They need to be patiently impatientSales Patiently Impatient David Brock.jpg

Patience is important, and these folks need to be patient enough to follow sales processes and respect the needs (including timing needs) of all the buyers making decisions in their deals. But they also need to be impatient enough to have the drive to keep tactically moving deals forward.

They need to be improvement athletes

Sales Obsessive Learners - David Brock.jpgIt’s important to find people that are obsessive learners with relentless execution. David shares that these sales reps always have their gears turning. They often feel like their teeth are getting kicked in, and are looking for better ways of selling to prevent that pain. Being obsessed with improvement and absolutely relentless about executing makes these people coachable and most likely to follow your sales process.

Sales Rep with Questions.jpgThey need to be insatiably curious

These types of sales reps ask themselves a constant stream of questions that drive self-improvement like:

  • Why did I fail?
  • Why did I succeed?
  • What would really excite my prospect?
  • What makes my product the best at …? (They’ll want to experience/see it, not just read the value props)

They aren’t afraid to be introspective and take ownership of their improvement areas. They are also interested in asking useful and tough questions of prospects. These reps even question their managers in productive ways, and are well poised to be coached by a good manager.

TIP 3: Train them in practicing 20-minutes of preparation

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If your reps have a targeted prospect list and they know what to look for, preparing well for calls doesn’t need to take long.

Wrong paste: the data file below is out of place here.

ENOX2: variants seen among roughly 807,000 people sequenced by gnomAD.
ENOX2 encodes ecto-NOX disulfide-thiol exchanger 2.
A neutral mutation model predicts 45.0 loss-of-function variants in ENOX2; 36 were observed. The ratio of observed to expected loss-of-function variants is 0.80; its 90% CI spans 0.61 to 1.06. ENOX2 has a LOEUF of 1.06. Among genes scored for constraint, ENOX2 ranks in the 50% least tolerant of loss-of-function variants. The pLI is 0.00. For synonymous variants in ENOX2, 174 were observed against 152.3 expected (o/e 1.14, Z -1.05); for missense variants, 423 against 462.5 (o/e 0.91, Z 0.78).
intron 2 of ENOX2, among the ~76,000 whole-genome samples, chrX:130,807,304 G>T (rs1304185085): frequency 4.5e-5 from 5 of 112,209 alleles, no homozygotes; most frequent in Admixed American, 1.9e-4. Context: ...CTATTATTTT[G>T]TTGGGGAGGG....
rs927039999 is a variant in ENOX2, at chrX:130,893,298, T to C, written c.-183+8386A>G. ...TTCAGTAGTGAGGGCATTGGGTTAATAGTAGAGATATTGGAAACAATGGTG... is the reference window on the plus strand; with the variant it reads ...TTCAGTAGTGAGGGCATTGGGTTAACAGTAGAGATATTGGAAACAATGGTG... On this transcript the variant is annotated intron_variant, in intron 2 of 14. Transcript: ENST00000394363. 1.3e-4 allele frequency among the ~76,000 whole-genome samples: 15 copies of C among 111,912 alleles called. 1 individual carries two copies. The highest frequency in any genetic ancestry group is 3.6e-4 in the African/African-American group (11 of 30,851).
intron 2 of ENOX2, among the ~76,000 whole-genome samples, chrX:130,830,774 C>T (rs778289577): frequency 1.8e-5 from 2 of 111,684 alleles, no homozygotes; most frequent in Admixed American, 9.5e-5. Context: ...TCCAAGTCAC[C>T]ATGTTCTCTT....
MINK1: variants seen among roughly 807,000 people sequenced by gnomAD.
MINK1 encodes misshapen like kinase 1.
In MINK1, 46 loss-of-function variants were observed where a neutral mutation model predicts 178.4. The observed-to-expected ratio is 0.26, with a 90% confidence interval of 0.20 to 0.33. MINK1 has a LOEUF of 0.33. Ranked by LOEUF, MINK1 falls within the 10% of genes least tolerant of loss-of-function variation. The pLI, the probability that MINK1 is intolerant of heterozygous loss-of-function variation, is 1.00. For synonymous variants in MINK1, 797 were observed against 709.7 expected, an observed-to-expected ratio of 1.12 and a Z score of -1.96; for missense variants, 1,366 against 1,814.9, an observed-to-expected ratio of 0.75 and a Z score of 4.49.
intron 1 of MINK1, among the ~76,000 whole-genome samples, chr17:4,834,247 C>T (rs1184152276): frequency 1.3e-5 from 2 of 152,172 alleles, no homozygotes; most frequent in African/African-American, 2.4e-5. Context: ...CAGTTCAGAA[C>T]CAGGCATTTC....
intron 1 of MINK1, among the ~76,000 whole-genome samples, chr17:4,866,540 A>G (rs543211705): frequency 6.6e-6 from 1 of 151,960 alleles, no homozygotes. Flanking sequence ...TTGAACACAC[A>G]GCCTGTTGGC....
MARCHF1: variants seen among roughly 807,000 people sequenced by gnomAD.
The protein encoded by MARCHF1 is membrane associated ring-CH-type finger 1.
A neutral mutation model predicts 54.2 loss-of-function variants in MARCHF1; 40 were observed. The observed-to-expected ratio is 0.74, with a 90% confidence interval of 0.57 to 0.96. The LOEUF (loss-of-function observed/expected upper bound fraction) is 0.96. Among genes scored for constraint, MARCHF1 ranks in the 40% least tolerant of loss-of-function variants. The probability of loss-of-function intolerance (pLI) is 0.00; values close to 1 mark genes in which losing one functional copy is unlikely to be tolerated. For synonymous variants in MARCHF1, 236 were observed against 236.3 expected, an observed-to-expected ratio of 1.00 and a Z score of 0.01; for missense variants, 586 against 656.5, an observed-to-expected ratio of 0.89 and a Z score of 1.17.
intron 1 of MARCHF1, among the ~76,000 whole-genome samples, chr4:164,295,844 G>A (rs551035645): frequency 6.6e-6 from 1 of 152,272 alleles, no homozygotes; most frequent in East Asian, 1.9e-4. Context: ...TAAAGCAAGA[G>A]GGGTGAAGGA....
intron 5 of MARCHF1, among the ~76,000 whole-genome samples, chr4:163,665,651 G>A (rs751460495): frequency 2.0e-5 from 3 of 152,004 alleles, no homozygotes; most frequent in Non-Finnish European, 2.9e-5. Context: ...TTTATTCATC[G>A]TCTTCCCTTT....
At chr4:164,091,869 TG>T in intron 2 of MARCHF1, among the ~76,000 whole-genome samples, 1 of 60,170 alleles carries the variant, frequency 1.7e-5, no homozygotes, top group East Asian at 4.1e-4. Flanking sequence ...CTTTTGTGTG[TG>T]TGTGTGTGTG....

Industry knowledge

Make sure to give them tips on building increased familiarity with the industry. Show them the best sources for a quick review of the news alerts and industry updates relevant to their company to look for clues about what stressors or goals your prospect might be facing.

Multiple viewpoints

Tactically, giving your reps two screens or large monitors that support multiple windows for executing their research helps them understand more information quickly. LinkedIn or profiles of the buyers on one screen and the prospect’s website and industry news on the other.

Planned observations

Work through approaches with prospects that require talking about your product as little as possible. The goal is to figure out what the buyer is trying to achieve. You should lead with some sort of insight or observation to establish credibility.

Clear understanding of value

Train your reps to look for the key that unlocks the next step with the prospect. Rather than looking for all the ways each prospect might align to the many products and services and value propositions you offer, think about the buyer’s situation and the problems that presents and then compare that to what your company is best at solving. Help them identify if a buyer is in your sweet spot, and whether your company will be good at solving their problem. If you can help your reps solve for this, the probability of winning the prospect’s attention gets much higher.

 

For insightful perspective and detailed tactical plans on improving your sales organization, check out David Brock’s book, Sales Manager Survival Guide.